Olympic Fencer Race Imboden on Pressure, Purpose and Protest

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By Jessica Schiffer

Fencer Race Imboden is taking a much-needed break when he Zooms in from Guadeloupe, where he and his girlfriend (and fellow fencer) Ysaora Thibus are vacationing after the longest Olympic training period in recent history. On the heels of the delayed Tokyo 2020 Olympic Games, where he won a bronze medal in the men’s foil competition and protested the International Olympic Committee’s ban on political gestures with an X drawn on his hand to show solidarity with the oppressed, Imboden is reflecting on what he calls the loneliest Olympics Games to date (a fencer for most of his life, the 28-year-old first went to the games in 2012).

“The road up to it was so lonely, we were separated from everyone,” he says, noting that he was separated from his girlfriend, who was restricted to training in France, and his family. “Usually, as the Games get closer, it revs your engine – it’s euphoric and you are so in it, but this time, the extra year with so much going on in the world made it hard to maintain that focus.” Once he got to Tokyo, where the village was abnormally empty, the usual camaraderie and celebration of the Olympics were replaced with an eerie quiet. 

“It was a very stark Olympics, our families weren’t with us, and the stadiums were empty,” he explains. “I think that was hard on all of us and you saw people like Simone [Biles], who is an incredible champion, struggling with it.”

For Imboden, who is ranked 4th in both the U.S. and the World for men’s foil fencing, the experience served as another reminder that there is more to life than the Games. “The Olympics aren't necessarily as life-changing as [people sometimes] think they are,” he says. Though fencing continues to be a central part of his life, he’s expanded his focus into storytelling across different mediums: he recently directed a short for Reigning Champ and is the sports editor for the culture publication Cero Magazine. No stranger to protest or speaking up for what’s right, Imboden is also focused on social justice work, sitting on the Team USA Council on Racial and Social Justice and the Everytown for Gun Safety Athlete Council.

We caught up with Imboden to talk about getting through the weirdest Olympics in history, how he handles the pressures of being an Olympic athlete, and his thoughts on the dated rules set by the IOC.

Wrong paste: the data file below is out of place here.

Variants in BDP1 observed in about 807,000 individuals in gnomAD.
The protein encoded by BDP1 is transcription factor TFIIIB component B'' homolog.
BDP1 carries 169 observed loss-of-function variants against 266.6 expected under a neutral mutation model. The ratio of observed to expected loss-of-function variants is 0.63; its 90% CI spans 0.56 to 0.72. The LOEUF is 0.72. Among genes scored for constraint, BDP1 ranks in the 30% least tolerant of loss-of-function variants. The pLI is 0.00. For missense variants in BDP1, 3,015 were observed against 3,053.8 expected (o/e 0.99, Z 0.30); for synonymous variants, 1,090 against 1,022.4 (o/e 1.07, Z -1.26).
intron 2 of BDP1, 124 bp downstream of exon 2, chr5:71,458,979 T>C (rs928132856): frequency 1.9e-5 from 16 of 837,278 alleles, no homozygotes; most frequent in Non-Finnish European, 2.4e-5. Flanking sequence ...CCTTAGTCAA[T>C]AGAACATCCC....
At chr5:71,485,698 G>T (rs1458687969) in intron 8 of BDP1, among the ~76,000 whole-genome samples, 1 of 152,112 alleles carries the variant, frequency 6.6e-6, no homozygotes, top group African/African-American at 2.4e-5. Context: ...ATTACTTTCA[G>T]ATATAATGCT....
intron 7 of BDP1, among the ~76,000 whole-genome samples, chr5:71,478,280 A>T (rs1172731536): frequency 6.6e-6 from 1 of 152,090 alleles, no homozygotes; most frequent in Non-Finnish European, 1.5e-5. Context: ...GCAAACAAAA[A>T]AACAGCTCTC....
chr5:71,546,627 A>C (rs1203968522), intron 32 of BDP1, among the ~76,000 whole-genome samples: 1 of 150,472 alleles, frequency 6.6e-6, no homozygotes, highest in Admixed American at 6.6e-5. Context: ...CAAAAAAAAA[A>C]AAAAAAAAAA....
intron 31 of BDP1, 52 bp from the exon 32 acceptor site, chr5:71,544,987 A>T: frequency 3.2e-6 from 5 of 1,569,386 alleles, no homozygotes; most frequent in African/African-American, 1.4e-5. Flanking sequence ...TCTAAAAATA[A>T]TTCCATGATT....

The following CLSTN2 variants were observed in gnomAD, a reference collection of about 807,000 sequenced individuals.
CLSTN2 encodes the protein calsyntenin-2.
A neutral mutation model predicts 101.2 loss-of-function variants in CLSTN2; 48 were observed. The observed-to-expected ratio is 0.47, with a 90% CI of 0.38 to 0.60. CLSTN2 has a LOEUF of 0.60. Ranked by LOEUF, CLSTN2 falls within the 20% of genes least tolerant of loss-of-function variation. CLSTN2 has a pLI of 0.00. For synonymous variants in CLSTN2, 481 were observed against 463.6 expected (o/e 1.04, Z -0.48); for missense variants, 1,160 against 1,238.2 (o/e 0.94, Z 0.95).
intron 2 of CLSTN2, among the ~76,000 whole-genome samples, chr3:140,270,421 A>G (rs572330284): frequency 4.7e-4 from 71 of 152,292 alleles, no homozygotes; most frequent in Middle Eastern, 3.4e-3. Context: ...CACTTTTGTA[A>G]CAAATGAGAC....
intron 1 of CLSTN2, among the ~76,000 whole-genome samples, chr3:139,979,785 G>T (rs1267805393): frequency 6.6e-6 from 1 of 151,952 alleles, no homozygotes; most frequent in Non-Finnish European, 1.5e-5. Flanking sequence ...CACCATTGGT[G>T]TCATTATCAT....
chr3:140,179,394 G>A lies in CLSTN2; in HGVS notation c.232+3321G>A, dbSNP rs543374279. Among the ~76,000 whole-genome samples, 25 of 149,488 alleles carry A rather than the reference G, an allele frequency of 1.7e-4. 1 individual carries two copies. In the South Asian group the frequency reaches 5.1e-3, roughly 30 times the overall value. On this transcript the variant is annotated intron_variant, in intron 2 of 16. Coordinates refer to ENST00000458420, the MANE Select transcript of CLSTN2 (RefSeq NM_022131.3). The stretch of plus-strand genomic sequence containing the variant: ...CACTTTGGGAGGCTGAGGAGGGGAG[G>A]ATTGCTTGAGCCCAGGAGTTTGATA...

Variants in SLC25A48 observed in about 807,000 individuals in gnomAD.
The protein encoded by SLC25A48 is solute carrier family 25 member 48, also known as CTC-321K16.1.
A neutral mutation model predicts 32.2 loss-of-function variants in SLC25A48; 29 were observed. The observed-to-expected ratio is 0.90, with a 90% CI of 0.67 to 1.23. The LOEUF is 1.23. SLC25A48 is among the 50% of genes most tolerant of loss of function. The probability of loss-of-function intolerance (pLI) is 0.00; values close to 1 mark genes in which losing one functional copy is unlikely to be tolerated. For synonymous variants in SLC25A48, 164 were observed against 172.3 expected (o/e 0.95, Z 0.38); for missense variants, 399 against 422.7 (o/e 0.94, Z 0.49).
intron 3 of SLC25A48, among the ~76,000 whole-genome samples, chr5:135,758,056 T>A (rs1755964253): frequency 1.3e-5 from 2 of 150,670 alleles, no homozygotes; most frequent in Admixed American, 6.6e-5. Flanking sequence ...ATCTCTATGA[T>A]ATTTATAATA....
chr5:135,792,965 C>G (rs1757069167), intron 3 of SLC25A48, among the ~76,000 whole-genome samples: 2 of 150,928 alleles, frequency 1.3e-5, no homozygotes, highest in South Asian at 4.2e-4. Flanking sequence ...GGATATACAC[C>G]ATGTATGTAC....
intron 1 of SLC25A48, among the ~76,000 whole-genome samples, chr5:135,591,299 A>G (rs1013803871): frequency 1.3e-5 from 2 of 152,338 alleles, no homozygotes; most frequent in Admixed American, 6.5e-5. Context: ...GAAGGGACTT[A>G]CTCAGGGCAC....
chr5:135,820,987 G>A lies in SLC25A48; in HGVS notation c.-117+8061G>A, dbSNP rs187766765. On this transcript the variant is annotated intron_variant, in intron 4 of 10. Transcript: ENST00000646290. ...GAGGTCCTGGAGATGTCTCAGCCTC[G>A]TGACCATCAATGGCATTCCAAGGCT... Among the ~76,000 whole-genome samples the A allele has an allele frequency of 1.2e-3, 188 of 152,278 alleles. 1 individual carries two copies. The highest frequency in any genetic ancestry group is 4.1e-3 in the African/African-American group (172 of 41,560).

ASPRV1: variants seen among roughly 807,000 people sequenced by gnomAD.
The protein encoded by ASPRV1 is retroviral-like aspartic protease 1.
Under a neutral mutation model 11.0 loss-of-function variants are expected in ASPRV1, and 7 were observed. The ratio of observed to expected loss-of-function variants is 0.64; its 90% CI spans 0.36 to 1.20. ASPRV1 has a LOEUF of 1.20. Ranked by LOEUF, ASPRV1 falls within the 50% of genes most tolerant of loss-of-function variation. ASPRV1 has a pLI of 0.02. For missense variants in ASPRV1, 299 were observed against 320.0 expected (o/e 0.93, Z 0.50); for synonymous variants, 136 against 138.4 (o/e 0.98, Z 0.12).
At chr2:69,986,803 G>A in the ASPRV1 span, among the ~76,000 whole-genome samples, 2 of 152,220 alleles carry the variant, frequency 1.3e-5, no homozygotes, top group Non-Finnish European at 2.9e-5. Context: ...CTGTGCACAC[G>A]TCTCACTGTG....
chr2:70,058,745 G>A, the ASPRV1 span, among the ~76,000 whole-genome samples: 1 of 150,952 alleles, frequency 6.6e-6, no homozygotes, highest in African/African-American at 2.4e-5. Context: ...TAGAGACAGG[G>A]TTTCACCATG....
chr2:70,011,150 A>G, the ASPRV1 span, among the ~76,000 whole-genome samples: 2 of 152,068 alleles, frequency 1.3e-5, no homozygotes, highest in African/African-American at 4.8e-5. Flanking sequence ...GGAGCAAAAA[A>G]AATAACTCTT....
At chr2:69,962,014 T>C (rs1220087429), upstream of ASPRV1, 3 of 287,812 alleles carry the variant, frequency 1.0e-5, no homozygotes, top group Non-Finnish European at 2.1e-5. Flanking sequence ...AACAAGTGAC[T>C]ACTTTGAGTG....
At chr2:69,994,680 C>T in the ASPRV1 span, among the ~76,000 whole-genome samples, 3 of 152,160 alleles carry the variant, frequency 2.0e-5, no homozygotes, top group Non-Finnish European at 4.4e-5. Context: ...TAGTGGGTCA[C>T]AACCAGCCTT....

How did you first get into fencing?

One day I was in a park in Atlanta playing with a toy lightsaber, and someone came up to my parents and suggested that I take up fencing. I took a few lessons there and then when we moved to New York, I joined a fencing club. I had a fascination with anything involving swordplay from a young age – I grew up on Samurai stories and Star Wars. I had a lot of fun with it, so when someone mentioned that I could do it as a sport, it was exactly what you want to hear as a kid. 

When did you realize that it would essentially become your life?

It happened progressively. I played a lot of sports at first, I played soccer, I was skating, and dabbling in all these different activities, but eventually, fencing started to swallow up all of my time. Funnily enough, it didn't come too easily to me at first. Fencing is very foreign, there is nothing like it – you go into a fencing club, and there are old Russian coaches around, and it feels very strange. It was very unfamiliar but also fascinating and, as I got older, it gathered my interest most because there was so much to learn. It wasn't so much about competing and trying to be the best in my little pocket of Brooklyn, it was more about time spent in the club learning new moves and positions, studying discipline, and then practicing for so much longer than any other sport. I think that's the thing that I fell in love with. 

You’ve spoken before about the mental strength and discipline that it takes to be good at fencing. How do you hone something like that? 

A lot of it comes from trial and error. As a kid, I was always crying after matches – I really wanted to win, and it was always important for me to be competitive. I wanted to be in those spaces, but it was hard. I remember having one coach that finally gave me free rein and told me that I could fence the way I wanted to fence and that it didn't have to be so strict and technical. That mentality is what has taken me to the next level and allowed me to progress so far. 

Do you think that focusing too much on winning can hurt an athlete?

Absolutely. They say that the thing that you chase is always the thing that gets further and further away. I think there have been parts of my career where I have been so focused [on winning] and put the blinders on so much that that lack of balance has hurt me in the long run. There's an old quote from the Samurai that says, "the easiest way to beat your component is to outlast them." I think that [is also true of] athletes’ careers. There are people that make it and continue on and that comes from a mix of focus, luck, having family support, and sheer belief [in yourself]. That stuff is constantly changing in your life, so trying to find a good balance is one of the main things athletes have to do.